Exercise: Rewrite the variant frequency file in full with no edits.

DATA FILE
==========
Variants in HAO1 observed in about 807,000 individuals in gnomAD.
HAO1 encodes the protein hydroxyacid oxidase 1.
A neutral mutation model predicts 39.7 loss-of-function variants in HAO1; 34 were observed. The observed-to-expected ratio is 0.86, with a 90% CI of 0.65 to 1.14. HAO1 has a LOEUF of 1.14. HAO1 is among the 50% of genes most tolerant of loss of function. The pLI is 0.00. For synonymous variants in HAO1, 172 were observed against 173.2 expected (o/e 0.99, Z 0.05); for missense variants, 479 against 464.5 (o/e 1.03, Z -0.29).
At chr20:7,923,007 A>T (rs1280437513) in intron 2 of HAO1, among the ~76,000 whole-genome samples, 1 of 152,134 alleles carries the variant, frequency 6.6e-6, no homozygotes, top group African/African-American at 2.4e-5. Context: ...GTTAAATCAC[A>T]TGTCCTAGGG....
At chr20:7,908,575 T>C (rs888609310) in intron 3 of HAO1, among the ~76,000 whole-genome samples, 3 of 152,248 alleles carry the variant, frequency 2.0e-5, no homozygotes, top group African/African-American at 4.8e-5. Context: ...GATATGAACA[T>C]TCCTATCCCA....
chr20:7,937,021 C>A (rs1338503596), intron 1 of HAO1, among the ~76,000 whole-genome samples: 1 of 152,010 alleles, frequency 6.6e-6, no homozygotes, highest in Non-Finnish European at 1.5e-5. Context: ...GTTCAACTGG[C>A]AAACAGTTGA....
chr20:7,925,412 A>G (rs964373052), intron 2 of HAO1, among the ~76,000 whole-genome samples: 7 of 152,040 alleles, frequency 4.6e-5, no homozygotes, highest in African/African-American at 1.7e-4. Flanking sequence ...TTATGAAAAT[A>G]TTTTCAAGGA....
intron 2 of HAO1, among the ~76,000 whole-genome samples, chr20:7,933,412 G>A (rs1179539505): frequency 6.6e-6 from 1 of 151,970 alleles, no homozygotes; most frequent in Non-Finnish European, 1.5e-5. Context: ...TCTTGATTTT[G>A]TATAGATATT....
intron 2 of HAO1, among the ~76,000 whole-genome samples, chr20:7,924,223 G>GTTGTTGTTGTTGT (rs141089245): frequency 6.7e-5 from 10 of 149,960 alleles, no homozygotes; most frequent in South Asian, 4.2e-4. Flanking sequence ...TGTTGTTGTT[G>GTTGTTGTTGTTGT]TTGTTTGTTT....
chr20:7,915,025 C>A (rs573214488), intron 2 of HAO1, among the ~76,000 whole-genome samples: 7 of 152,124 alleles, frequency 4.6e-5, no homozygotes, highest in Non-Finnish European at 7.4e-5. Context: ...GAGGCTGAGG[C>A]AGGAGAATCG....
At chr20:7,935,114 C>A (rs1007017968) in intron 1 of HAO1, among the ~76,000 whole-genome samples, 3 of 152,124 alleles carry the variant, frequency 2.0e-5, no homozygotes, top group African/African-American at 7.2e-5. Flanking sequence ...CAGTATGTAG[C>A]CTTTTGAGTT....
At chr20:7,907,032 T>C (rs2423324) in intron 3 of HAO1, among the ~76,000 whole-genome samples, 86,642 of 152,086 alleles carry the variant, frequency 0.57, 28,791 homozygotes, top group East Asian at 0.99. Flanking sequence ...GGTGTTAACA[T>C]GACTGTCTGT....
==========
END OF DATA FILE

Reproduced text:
Variants in HAO1 observed in about 807,000 individuals in gnomAD.
HAO1 encodes the protein hydroxyacid oxidase 1.
A neutral mutation model predicts 39.7 loss-of-function variants in HAO1; 34 were observed. The observed-to-expected ratio is 0.86, with a 90% CI of 0.65 to 1.14. HAO1 has a LOEUF of 1.14. HAO1 is among the 50% of genes most tolerant of loss of function. The pLI is 0.00. For synonymous variants in HAO1, 172 were observed against 173.2 expected (o/e 0.99, Z 0.05); for missense variants, 479 against 464.5 (o/e 1.03, Z -0.29).
At chr20:7,923,007 A>T (rs1280437513) in intron 2 of HAO1, among the ~76,000 whole-genome samples, 1 of 152,134 alleles carries the variant, frequency 6.6e-6, no homozygotes, top group African/African-American at 2.4e-5. Context: ...GTTAAATCAC[A>T]TGTCCTAGGG....
At chr20:7,908,575 T>C (rs888609310) in intron 3 of HAO1, among the ~76,000 whole-genome samples, 3 of 152,248 alleles carry the variant, frequency 2.0e-5, no homozygotes, top group African/African-American at 4.8e-5. Context: ...GATATGAACA[T>C]TCCTATCCCA....
chr20:7,937,021 C>A (rs1338503596), intron 1 of HAO1, among the ~76,000 whole-genome samples: 1 of 152,010 alleles, frequency 6.6e-6, no homozygotes, highest in Non-Finnish European at 1.5e-5. Context: ...GTTCAACTGG[C>A]AAACAGTTGA....
chr20:7,925,412 A>G (rs964373052), intron 2 of HAO1, among the ~76,000 whole-genome samples: 7 of 152,040 alleles, frequency 4.6e-5, no homozygotes, highest in African/African-American at 1.7e-4. Flanking sequence ...TTATGAAAAT[A>G]TTTTCAAGGA....
intron 2 of HAO1, among the ~76,000 whole-genome samples, chr20:7,933,412 G>A (rs1179539505): frequency 6.6e-6 from 1 of 151,970 alleles, no homozygotes; most frequent in Non-Finnish European, 1.5e-5. Context: ...TCTTGATTTT[G>A]TATAGATATT....
intron 2 of HAO1, among the ~76,000 whole-genome samples, chr20:7,924,223 G>GTTGTTGTTGTTGT (rs141089245): frequency 6.7e-5 from 10 of 149,960 alleles, no homozygotes; most frequent in South Asian, 4.2e-4. Flanking sequence ...TGTTGTTGTT[G>GTTGTTGTTGTTGT]TTGTTTGTTT....
chr20:7,915,025 C>A (rs573214488), intron 2 of HAO1, among the ~76,000 whole-genome samples: 7 of 152,124 alleles, frequency 4.6e-5, no homozygotes, highest in Non-Finnish European at 7.4e-5. Context: ...GAGGCTGAGG[C>A]AGGAGAATCG....
At chr20:7,935,114 C>A (rs1007017968) in intron 1 of HAO1, among the ~76,000 whole-genome samples, 3 of 152,124 alleles carry the variant, frequency 2.0e-5, no homozygotes, top group African/African-American at 7.2e-5. Flanking sequence ...CAGTATGTAG[C>A]CTTTTGAGTT....
At chr20:7,907,032 T>C (rs2423324) in intron 3 of HAO1, among the ~76,000 whole-genome samples, 86,642 of 152,086 alleles carry the variant, frequency 0.57, 28,791 homozygotes, top group East Asian at 0.99. Flanking sequence ...GGTGTTAACA[T>C]GACTGTCTGT....